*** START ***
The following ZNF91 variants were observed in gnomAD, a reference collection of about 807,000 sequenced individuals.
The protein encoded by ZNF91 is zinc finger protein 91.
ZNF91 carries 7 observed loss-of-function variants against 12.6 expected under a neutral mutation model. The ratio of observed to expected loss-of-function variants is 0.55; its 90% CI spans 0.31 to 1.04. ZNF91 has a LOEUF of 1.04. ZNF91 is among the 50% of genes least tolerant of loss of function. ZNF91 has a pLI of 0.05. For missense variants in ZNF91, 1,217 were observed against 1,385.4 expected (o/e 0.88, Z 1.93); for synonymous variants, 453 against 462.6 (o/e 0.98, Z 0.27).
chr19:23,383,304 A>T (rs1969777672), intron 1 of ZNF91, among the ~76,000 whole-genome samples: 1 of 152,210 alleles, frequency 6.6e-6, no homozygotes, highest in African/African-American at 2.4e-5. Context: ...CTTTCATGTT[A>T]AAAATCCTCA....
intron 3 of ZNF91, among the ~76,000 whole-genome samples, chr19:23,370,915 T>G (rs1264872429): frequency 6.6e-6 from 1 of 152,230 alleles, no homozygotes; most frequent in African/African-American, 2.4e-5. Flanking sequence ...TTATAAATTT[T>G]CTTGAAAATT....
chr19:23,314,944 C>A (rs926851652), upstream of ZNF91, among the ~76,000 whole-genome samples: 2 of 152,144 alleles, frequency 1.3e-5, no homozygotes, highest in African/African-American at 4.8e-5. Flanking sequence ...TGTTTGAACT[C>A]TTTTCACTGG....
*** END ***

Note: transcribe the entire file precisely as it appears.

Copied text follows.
The following ZNF91 variants were observed in gnomAD, a reference collection of about 807,000 sequenced individuals.
The protein encoded by ZNF91 is zinc finger protein 91.
ZNF91 carries 7 observed loss-of-function variants against 12.6 expected under a neutral mutation model. The ratio of observed to expected loss-of-function variants is 0.55; its 90% CI spans 0.31 to 1.04. ZNF91 has a LOEUF of 1.04. ZNF91 is among the 50% of genes least tolerant of loss of function. ZNF91 has a pLI of 0.05. For missense variants in ZNF91, 1,217 were observed against 1,385.4 expected (o/e 0.88, Z 1.93); for synonymous variants, 453 against 462.6 (o/e 0.98, Z 0.27).
chr19:23,383,304 A>T (rs1969777672), intron 1 of ZNF91, among the ~76,000 whole-genome samples: 1 of 152,210 alleles, frequency 6.6e-6, no homozygotes, highest in African/African-American at 2.4e-5. Context: ...CTTTCATGTT[A>T]AAAATCCTCA....
intron 3 of ZNF91, among the ~76,000 whole-genome samples, chr19:23,370,915 T>G (rs1264872429): frequency 6.6e-6 from 1 of 152,230 alleles, no homozygotes; most frequent in African/African-American, 2.4e-5. Flanking sequence ...TTATAAATTT[T>G]CTTGAAAATT....
chr19:23,314,944 C>A (rs926851652), upstream of ZNF91, among the ~76,000 whole-genome samples: 2 of 152,144 alleles, frequency 1.3e-5, no homozygotes, highest in African/African-American at 4.8e-5. Flanking sequence ...TGTTTGAACT[C>A]TTTTCACTGG....